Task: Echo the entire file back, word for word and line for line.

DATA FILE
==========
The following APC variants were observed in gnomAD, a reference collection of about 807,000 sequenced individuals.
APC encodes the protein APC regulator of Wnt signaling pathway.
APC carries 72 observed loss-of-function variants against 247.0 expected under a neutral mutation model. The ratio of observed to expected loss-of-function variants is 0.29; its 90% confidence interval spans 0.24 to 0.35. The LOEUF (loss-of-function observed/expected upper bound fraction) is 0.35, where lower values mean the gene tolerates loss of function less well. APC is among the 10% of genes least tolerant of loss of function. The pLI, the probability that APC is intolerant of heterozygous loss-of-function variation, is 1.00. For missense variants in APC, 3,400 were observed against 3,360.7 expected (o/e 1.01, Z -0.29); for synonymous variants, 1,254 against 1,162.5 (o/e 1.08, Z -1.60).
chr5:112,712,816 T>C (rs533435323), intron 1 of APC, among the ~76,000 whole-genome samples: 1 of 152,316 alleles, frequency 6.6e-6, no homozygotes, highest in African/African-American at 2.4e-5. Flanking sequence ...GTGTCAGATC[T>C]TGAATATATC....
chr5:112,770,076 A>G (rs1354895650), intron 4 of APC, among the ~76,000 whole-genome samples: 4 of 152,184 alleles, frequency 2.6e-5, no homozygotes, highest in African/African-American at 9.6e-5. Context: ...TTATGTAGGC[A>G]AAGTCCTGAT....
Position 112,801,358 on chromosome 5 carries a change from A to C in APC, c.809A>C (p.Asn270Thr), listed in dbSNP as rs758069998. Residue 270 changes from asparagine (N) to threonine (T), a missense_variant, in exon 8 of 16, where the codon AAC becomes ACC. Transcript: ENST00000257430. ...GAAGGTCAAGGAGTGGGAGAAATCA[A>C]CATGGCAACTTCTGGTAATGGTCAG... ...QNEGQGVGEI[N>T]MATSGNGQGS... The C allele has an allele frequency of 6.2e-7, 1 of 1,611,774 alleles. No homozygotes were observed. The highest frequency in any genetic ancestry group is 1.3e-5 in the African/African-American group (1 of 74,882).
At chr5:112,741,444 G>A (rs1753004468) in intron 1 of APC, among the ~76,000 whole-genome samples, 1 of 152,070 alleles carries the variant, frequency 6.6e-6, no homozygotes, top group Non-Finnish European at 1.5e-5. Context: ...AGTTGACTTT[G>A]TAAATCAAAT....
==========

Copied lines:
The following APC variants were observed in gnomAD, a reference collection of about 807,000 sequenced individuals.
APC encodes the protein APC regulator of Wnt signaling pathway.
APC carries 72 observed loss-of-function variants against 247.0 expected under a neutral mutation model. The ratio of observed to expected loss-of-function variants is 0.29; its 90% confidence interval spans 0.24 to 0.35. The LOEUF (loss-of-function observed/expected upper bound fraction) is 0.35, where lower values mean the gene tolerates loss of function less well. APC is among the 10% of genes least tolerant of loss of function. The pLI, the probability that APC is intolerant of heterozygous loss-of-function variation, is 1.00. For missense variants in APC, 3,400 were observed against 3,360.7 expected (o/e 1.01, Z -0.29); for synonymous variants, 1,254 against 1,162.5 (o/e 1.08, Z -1.60).
chr5:112,712,816 T>C (rs533435323), intron 1 of APC, among the ~76,000 whole-genome samples: 1 of 152,316 alleles, frequency 6.6e-6, no homozygotes, highest in African/African-American at 2.4e-5. Flanking sequence ...GTGTCAGATC[T>C]TGAATATATC....
chr5:112,770,076 A>G (rs1354895650), intron 4 of APC, among the ~76,000 whole-genome samples: 4 of 152,184 alleles, frequency 2.6e-5, no homozygotes, highest in African/African-American at 9.6e-5. Context: ...TTATGTAGGC[A>G]AAGTCCTGAT....
Position 112,801,358 on chromosome 5 carries a change from A to C in APC, c.809A>C (p.Asn270Thr), listed in dbSNP as rs758069998. Residue 270 changes from asparagine (N) to threonine (T), a missense_variant, in exon 8 of 16, where the codon AAC becomes ACC. Transcript: ENST00000257430. ...GAAGGTCAAGGAGTGGGAGAAATCA[A>C]CATGGCAACTTCTGGTAATGGTCAG... ...QNEGQGVGEI[N>T]MATSGNGQGS... The C allele has an allele frequency of 6.2e-7, 1 of 1,611,774 alleles. No homozygotes were observed. The highest frequency in any genetic ancestry group is 1.3e-5 in the African/African-American group (1 of 74,882).
At chr5:112,741,444 G>A (rs1753004468) in intron 1 of APC, among the ~76,000 whole-genome samples, 1 of 152,070 alleles carries the variant, frequency 6.6e-6, no homozygotes, top group Non-Finnish European at 1.5e-5. Context: ...AGTTGACTTT[G>A]TAAATCAAAT....